The uncertainty caused by Britain’s protracted exit from the European Union is having a negative impact on the economy, Goldman Sachs has warned.
The investment bank said that shrinking investment, a looming labour market shock and poor productivity were the side effects of the drawn out Brexit process.
The UK economy has underperformed other advanced economies since mid-2016, losing almost 2.5 per cent of GDP relative to the growth expected before the EU referendum driven in part by weaker investment.
“From both a top-down and a bottom-up perspective, Brexit has taken a toll on the UK economy — even though it has not yet happened,” Goldman Sachs analyst Adrian Paul said in a research note published today.
“In the near term, until the UK’s departure from the EU is resolved, it is difficult to have conviction in a strong rebound in growth.
“In 2020, with Brexit resolved, we do expect a pick-up in activity as uncertainty abates.
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“But the persistence of the structural headwinds facing the UK economy is likely to take longer to address.”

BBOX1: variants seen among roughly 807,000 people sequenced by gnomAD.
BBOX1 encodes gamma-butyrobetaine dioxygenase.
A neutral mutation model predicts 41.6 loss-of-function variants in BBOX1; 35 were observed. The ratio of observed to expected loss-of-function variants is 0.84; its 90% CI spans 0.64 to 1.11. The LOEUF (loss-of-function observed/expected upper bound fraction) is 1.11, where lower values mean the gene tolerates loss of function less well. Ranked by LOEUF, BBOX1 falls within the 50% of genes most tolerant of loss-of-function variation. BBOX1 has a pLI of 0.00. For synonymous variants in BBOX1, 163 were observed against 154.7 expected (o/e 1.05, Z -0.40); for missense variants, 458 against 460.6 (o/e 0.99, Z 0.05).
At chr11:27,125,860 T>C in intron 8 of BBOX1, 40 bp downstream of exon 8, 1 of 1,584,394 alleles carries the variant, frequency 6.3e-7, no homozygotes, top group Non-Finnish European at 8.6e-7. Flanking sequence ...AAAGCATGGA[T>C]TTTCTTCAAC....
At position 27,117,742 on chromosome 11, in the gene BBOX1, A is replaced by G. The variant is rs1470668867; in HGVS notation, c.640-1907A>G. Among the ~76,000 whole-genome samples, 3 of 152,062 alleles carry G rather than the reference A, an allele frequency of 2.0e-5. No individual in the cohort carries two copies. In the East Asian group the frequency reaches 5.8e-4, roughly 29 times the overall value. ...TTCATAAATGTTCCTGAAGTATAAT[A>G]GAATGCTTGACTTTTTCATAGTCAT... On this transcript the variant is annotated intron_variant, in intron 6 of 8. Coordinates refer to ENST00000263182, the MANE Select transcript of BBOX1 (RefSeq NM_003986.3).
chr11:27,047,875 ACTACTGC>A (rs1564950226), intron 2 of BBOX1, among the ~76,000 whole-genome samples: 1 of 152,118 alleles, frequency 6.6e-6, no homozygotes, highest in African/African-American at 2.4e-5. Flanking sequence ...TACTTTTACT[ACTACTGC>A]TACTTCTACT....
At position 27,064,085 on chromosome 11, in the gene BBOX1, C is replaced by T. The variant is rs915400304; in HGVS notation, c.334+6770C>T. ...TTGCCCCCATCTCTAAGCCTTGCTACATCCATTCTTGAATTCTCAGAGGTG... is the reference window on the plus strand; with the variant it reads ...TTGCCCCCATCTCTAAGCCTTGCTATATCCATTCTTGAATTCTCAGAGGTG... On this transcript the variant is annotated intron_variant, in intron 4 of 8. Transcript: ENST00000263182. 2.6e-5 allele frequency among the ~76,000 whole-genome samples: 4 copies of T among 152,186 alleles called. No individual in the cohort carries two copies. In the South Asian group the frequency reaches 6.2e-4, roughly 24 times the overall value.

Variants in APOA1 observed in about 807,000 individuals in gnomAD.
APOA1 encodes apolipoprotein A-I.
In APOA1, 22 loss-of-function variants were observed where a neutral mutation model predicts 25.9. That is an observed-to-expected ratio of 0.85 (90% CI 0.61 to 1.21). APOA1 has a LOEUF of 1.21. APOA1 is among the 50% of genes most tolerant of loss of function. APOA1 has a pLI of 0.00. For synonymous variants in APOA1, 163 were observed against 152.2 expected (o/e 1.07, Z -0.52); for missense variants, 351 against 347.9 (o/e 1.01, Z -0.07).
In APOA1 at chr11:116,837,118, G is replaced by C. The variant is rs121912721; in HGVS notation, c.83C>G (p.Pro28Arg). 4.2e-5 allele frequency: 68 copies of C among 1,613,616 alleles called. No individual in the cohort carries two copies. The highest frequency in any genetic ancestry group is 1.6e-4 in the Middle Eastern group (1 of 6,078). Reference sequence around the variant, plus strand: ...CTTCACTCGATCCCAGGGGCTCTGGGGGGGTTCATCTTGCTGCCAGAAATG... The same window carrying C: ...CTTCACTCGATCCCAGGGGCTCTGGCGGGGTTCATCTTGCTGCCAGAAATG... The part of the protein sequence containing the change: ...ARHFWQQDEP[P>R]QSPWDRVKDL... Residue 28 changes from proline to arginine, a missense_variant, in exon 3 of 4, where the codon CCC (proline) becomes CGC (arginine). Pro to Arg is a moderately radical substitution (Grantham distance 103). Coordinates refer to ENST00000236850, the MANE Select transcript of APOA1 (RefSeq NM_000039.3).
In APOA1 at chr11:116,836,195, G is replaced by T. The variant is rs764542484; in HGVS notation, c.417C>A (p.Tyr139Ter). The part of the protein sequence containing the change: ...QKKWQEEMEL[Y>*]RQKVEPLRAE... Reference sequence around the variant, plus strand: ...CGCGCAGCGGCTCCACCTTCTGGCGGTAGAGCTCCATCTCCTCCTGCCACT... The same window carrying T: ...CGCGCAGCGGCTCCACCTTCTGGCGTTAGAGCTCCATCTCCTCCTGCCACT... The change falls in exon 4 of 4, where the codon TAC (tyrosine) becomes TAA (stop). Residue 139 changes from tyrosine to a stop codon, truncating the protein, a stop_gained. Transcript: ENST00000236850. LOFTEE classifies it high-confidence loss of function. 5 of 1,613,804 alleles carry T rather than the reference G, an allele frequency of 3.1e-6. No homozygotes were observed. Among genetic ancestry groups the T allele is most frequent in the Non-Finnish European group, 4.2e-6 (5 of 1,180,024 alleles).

Business investment has grown by just 0.3 per cent since the Brexit vote in June 2016 and, in the first quarter of this year, only six per cent of manufacturing companies and one per cent of services firms said they would increase investment.
While the labour market has remained resilient over the last three years, analysts warned that the rate of private-sector employment growth was likely to weaken.
“It is not overly surprising that an increasingly tight labour market is generating fresh employment at a declining rate,” the research note said.
“But the balance between weaker demand for workers and a shorter supply of workers bears the hallmarks of a Brexit-induced labour market shock.”